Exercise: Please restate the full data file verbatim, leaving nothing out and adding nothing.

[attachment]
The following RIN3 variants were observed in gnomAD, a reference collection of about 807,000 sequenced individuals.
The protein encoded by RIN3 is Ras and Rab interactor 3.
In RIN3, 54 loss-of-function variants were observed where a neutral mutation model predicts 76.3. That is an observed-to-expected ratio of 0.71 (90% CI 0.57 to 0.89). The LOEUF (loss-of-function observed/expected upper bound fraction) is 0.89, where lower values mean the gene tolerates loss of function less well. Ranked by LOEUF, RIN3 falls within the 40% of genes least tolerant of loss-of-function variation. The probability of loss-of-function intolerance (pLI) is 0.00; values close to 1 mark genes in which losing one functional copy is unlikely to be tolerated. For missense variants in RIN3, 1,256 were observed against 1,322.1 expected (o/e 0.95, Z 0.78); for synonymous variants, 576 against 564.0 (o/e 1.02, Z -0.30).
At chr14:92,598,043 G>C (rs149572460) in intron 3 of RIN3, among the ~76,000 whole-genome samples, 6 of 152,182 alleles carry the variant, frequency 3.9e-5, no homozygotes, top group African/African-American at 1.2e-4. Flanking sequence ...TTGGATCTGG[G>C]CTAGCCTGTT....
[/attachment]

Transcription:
The following RIN3 variants were observed in gnomAD, a reference collection of about 807,000 sequenced individuals.
The protein encoded by RIN3 is Ras and Rab interactor 3.
In RIN3, 54 loss-of-function variants were observed where a neutral mutation model predicts 76.3. That is an observed-to-expected ratio of 0.71 (90% CI 0.57 to 0.89). The LOEUF (loss-of-function observed/expected upper bound fraction) is 0.89, where lower values mean the gene tolerates loss of function less well. Ranked by LOEUF, RIN3 falls within the 40% of genes least tolerant of loss-of-function variation. The probability of loss-of-function intolerance (pLI) is 0.00; values close to 1 mark genes in which losing one functional copy is unlikely to be tolerated. For missense variants in RIN3, 1,256 were observed against 1,322.1 expected (o/e 0.95, Z 0.78); for synonymous variants, 576 against 564.0 (o/e 1.02, Z -0.30).
At chr14:92,598,043 G>C (rs149572460) in intron 3 of RIN3, among the ~76,000 whole-genome samples, 6 of 152,182 alleles carry the variant, frequency 3.9e-5, no homozygotes, top group African/African-American at 1.2e-4. Flanking sequence ...TTGGATCTGG[G>C]CTAGCCTGTT....